IRS Refuses Rewards to Informant
April 23, 2013 Taxation in USA
WASHINGTON D.C. – Whistleblowers in the USA are confused by the IRS’s decision to reject a reward to one of the most prominent whistleblowers in recent years.
Early last week the US Internal Revenue Service rejected a claim for a monetary reward made by a former executive at Rabobank Joseph Insinga for providing the IRS with information regarding alleged tax evasion committed by his former company.
The letter from the IRS explained that Joseph Insinga is not entitled to any payout as the information he provided did not lead to the collection of any extra taxes.
Last year he took legal action against the IRS, claiming that the Service had not processed his application for a reward for several years, despite the fact that the original tips were provided in 2007.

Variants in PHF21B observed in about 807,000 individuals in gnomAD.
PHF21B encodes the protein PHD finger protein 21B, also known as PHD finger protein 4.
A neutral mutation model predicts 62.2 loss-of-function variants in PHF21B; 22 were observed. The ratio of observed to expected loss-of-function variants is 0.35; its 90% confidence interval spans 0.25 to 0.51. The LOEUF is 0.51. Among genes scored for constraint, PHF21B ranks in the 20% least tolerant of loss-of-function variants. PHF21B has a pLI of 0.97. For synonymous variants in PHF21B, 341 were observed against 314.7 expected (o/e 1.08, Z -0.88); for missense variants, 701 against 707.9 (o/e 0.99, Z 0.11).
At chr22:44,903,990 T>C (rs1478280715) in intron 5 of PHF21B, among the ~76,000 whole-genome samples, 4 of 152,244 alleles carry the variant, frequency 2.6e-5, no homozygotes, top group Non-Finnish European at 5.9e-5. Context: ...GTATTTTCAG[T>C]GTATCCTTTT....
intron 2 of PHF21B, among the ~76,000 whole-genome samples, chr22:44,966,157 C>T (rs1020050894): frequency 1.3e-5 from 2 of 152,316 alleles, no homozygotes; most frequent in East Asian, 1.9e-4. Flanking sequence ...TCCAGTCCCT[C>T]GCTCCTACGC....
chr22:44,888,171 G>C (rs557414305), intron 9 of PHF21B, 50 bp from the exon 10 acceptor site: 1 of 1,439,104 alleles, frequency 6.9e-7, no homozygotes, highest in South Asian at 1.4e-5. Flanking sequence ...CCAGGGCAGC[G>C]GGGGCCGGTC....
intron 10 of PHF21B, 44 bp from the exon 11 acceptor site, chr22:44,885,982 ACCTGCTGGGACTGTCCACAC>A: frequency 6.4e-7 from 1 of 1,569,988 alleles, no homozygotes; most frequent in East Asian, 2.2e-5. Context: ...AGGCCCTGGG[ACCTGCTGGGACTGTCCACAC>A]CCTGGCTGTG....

Under regulations enacted in 2006, whistleblowers who offer information to the IRS may be entitled to receive up to 30 percent of the taxes collected as a direct result of their help.
Josph Insinga’s case has been closely followed by legal experts across the USA, who have claimed that so far the IRS has been uncooperative with whistleblowers and has often delayed processing of reward claims.
It is currently estimates that since the payout rules were introduced in 2006 only 10 rewards have been made to individuals who provided the IRS with information.
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